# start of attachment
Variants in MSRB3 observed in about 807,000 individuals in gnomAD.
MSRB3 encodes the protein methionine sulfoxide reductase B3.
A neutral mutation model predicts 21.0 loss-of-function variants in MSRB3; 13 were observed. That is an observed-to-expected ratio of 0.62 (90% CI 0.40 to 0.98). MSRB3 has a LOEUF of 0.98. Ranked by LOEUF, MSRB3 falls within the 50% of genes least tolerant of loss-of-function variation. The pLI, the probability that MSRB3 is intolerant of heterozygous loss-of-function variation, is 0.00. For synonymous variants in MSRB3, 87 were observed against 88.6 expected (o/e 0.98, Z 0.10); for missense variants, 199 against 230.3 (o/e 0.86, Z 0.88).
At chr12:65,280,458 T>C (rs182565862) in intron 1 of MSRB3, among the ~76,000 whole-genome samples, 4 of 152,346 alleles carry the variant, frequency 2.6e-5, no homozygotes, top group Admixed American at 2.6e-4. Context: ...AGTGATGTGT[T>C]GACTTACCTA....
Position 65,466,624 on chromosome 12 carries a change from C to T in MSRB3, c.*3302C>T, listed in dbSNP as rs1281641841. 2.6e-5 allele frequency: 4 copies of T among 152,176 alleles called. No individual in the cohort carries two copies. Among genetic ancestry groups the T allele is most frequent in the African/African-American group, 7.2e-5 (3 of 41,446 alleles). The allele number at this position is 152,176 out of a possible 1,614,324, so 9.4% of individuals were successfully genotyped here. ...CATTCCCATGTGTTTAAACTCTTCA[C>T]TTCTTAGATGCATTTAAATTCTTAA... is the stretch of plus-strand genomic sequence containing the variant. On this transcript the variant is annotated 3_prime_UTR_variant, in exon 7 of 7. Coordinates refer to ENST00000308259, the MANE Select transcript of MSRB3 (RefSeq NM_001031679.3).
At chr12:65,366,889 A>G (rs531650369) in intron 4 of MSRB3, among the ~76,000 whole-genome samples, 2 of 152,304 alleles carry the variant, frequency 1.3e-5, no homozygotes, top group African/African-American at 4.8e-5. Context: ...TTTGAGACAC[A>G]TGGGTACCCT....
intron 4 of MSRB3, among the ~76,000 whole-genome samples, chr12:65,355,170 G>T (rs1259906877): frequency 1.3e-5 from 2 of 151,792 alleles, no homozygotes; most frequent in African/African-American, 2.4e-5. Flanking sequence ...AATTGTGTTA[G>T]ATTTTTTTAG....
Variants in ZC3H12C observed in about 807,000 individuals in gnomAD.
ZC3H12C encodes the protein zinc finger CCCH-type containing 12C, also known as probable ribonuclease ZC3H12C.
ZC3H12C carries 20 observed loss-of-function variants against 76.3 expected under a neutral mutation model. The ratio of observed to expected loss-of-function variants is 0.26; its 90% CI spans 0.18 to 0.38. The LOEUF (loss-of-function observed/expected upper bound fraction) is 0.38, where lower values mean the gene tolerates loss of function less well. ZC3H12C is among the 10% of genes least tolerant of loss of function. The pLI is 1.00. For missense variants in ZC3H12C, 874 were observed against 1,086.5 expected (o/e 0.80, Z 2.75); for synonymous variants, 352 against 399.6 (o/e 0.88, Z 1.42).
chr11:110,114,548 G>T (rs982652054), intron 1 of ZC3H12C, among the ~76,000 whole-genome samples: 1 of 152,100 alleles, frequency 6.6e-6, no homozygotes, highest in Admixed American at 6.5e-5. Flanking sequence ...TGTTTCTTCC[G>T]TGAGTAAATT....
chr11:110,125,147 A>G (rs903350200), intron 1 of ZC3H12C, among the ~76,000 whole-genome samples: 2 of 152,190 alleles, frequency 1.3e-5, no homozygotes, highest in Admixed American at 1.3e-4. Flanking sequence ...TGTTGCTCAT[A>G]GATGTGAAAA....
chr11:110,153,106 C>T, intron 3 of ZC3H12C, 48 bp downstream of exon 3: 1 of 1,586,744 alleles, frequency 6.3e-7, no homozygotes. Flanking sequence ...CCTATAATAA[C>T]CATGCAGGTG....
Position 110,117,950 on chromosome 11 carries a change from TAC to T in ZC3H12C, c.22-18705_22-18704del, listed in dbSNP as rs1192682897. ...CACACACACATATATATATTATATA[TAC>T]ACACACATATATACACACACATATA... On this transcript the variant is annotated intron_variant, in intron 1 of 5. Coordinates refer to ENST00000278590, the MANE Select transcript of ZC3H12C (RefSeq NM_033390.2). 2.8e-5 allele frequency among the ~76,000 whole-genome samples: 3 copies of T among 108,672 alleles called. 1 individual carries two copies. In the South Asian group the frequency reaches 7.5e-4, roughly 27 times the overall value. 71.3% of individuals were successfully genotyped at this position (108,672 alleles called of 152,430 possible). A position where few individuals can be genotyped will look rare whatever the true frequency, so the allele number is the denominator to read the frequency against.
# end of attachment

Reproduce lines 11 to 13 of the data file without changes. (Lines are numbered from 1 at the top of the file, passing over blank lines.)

chr11:110,114,548 G>T (rs982652054), intron 1 of ZC3H12C, among the ~76,000 whole-genome samples: 1 of 152,100 alleles, frequency 6.6e-6, no homozygotes, highest in Admixed American at 6.5e-5. Flanking sequence ...TGTTTCTTCC[G>T]TGAGTAAATT....
chr11:110,125,147 A>G (rs903350200), intron 1 of ZC3H12C, among the ~76,000 whole-genome samples: 2 of 152,190 alleles, frequency 1.3e-5, no homozygotes, highest in Admixed American at 1.3e-4. Flanking sequence ...TGTTGCTCAT[A>G]GATGTGAAAA....
chr11:110,153,106 C>T, intron 3 of ZC3H12C, 48 bp downstream of exon 3: 1 of 1,586,744 alleles, frequency 6.3e-7, no homozygotes. Flanking sequence ...CCTATAATAA[C>T]CATGCAGGTG....